Indian Entrepreneur In Paris
In a bid to get France up there with Silicon Valley as a startup hub, the French government is issuing visas to promising entrepreneurs to come to France to incubate, develop their startup idea into a full-fledged innovative tech product or service that will change the world. Chennai-raised Mani Doraisamy and Guesswork is one such example.
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Hailing from Chennai, Mani Doraisamy and his cofounder Boobesh Ramalingam took their startup named Guesswork to Paris, after winning a residence permit and related kitty in the first season of French Tech Ticket. Mani is back in India for a few days to help spread the message that there are other avenues for growing your business besides going to Silicon Valley or hunting down VCs. He will be also speaking at Nasscom Conclave, Bangalore, in October.
Guesswork has an interesting proposition.
It calls itself a product recommendation engine for ecommerce companies. For example, remember those products Amazon recommends to you based on your searches? That’s possible because of software like Guesswork.
“80 per cent of people who look at ecomm sites don’t register, they just look at the products, they don’t even leave an email address for the ecomm company to add to their database. Out of the 20 per cent that do register, 18 per cent won’t buy anything. Only 2 per cent will buy something.”
Those are astounding numbers, and not the kind of numbers ecommerce companies are probably showing their prospective investors. Even for Mani and co. it took 6-9 months to come up with this finding.
With this insight, they decided to focus on the 98 per cent of users who haven't bought anything yet. They have built a technology that recommends the right products to these users and converts them into first time buyers.
Read more about Guesswork on BWDisrupt, here.
Guesswork’s growth curve
It was founded in 2014. By 2015 it had acquired Zalora as a client. Zalora is headquarted in Singapore and is a leading ecomm company in the South Asian region. "So we were post-revenue when we applied to French Tech Ticket in 2015."
Since getting through French Tech Ticket, Guesswork has reached mid-growth stage. “We have reached good revenue generating ability. Profits have grown 8 times since last year.” We try to deal only with clients with more than 20 million customers and currently we have about 12 such ecomm clients and serve more than 100 million customers a month.”
Why did you decide to be based out of Paris? Isn’t the ecosystem and funding available larger in India?
"Yes, the ecosystem is larger and there is more funding available in India. However, we applied to French Tech Ticket for strategic reasons.
Our final goal with Guesswork is to create the largest consumer database in the world and to level the playing field for the entire industry of ecommerce. For this, we must work with as many ecomm players as possible and Europe sounded like the right place to expand, since the US market is already monopolized by Amazon.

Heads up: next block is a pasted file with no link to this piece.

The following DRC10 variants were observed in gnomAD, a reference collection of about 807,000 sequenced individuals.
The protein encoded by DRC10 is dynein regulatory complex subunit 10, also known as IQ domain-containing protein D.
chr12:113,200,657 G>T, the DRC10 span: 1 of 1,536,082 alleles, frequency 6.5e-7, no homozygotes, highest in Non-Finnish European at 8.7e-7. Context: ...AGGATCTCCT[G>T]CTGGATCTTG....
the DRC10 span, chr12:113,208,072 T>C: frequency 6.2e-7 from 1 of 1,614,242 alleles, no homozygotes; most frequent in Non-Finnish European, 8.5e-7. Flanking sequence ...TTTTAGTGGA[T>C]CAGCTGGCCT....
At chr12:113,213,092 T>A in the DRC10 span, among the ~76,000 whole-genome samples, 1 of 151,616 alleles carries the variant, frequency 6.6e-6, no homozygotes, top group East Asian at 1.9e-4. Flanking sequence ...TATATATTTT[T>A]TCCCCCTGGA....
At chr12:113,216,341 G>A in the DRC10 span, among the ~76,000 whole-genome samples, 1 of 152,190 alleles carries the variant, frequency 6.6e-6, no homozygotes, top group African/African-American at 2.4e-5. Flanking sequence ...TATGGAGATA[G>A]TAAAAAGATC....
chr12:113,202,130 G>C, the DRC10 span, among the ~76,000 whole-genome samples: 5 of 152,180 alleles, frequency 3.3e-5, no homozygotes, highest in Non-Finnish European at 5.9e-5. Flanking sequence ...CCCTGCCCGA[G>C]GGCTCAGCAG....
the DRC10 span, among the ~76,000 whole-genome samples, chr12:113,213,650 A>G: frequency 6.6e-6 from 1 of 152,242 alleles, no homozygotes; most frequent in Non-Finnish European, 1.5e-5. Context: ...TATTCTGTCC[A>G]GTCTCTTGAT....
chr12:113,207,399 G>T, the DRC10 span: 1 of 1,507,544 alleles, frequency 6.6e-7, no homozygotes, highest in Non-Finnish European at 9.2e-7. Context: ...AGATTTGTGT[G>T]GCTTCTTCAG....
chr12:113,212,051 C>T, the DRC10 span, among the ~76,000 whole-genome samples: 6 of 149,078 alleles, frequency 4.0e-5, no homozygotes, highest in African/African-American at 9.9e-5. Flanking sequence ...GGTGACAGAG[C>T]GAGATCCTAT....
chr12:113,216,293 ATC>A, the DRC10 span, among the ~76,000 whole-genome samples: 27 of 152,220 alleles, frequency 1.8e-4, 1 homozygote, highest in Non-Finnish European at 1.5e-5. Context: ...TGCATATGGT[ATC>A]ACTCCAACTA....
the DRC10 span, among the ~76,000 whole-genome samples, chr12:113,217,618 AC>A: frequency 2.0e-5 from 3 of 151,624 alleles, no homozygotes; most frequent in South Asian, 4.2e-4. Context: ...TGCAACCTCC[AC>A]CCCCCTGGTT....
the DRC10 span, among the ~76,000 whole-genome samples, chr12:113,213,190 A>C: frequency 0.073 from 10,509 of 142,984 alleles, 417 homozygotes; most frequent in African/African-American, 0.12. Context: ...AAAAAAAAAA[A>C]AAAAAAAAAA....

Being based out of Paris gives us easy access to interact with businesses in the whole of the EU. You have probably heard of Rocket Internet based in Germany. It’s a VC that funds ecomm companies around the world (including Zalora). We took this opportunity so that it will give us access to other Rocket Internet companies in Europe.
Besides that, French Tech Ticket has provided us with allowance for living, a space to incubate, access to mentors, and other consultants. It’s a good option, so why not.
Currently some of our Indian clients include Babyoye, StalkBuyLove and Times Internet’s ecomm platform. In Europe we work with ecomms like Deerberg and Linio in South America.
In terms of funding, we will be looking at it in the next 3 to 6 months most probably. Currently we have not raised any institutional funding to scale and expand the business. After we have proven the concept of our business and that it will work for any region in the world, we will decide when, where and how much funding will be required.
One way to think about entrepreneurship is the ability to seek out opportunities that others do not see. In that sense, moving to Silicon Valley and raising money from VCs are not the only ways to reach new markets. Startup initiatives like French Tech Ticket are untapped, great opportunities that entrepreneurs can use to grow their startup." [Mani has also participated in TechCrunch Hackathon held in San Francisco]
What does France get out of offering entrepreneurs to work from Paris?
"It truly did not come with any such conditions, there were no such strings attached to the deal. The main objective of French Tech Ticket is to turn France into a leading tech startup hub in the world, and for these tech startups in turn to create employment in the region."
Starting up in India vs. Starting up in France – some observations.
"The ecosystem in India is much larger than in France. In France, Paris is really the best established hub for startups, while in India, most of the metro areas will have its own startup ecosystem and own support mechanisms and idiosyncrasies.
Also in France, most of the traditional retailers are also the big ecommerce companies. However here in India, startups dominate the ecommerce space, not the retailers. So the sales cycle is very different in India and Europe.
Within the startup ecosystem, understanding each other culturally and on a technical, business level is easy. The challenge is outside this. There is a slight language barrier.
Funny story, I still have to use Google Translate to ask for a haircut or coffee in French.
Overall living in Paris is nice. Both countries share the same pluralistic value system related to socialism, secularism and democracy and it suits us very well. But of course we would definitely love to come back one day and work out of India. That’s where home is."
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